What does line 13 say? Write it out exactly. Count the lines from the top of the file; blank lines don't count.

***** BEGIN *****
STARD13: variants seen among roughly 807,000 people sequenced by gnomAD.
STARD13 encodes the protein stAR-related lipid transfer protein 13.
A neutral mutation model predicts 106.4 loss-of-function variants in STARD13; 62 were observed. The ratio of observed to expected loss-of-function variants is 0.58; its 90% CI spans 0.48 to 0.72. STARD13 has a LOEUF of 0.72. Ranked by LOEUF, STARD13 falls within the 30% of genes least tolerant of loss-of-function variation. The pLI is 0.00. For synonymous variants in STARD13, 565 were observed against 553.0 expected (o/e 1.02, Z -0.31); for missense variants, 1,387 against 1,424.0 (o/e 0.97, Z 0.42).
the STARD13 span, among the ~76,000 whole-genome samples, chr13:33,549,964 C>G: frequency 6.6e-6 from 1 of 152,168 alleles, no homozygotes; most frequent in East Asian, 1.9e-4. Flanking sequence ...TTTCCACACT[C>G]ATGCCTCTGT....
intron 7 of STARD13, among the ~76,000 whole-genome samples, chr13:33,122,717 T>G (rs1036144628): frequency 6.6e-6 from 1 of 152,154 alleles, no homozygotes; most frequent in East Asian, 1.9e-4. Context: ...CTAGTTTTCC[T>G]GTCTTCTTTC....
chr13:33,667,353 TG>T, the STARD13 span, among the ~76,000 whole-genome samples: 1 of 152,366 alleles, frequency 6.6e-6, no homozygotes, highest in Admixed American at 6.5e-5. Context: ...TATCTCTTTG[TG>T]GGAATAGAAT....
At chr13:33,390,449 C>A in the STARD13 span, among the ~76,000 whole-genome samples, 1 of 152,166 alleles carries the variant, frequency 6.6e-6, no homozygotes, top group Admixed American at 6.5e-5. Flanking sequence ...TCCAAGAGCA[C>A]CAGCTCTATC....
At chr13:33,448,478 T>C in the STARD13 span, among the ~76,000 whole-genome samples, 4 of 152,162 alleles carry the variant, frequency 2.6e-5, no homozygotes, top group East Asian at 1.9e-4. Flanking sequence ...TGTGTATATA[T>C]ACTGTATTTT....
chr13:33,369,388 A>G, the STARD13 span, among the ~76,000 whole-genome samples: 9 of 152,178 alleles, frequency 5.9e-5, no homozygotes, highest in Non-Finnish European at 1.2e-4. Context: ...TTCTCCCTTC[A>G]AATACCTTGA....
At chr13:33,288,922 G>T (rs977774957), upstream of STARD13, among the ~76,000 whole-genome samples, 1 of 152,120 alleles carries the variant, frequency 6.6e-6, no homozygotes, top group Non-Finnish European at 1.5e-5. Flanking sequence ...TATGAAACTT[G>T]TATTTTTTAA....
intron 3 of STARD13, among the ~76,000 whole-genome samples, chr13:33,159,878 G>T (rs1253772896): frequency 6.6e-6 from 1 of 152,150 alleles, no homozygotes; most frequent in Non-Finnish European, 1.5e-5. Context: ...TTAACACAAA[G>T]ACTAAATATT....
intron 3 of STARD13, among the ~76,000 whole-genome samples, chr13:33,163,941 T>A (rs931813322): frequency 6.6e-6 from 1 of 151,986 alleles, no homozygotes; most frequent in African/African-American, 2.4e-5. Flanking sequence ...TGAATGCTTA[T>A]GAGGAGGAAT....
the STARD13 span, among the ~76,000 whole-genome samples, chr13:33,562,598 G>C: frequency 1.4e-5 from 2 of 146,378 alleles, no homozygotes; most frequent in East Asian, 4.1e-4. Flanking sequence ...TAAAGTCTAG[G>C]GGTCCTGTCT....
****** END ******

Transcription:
the STARD13 span, among the ~76,000 whole-genome samples, chr13:33,562,598 G>C: frequency 1.4e-5 from 2 of 146,378 alleles, no homozygotes; most frequent in East Asian, 4.1e-4. Flanking sequence ...TAAAGTCTAG[G>C]GGTCCTGTCT....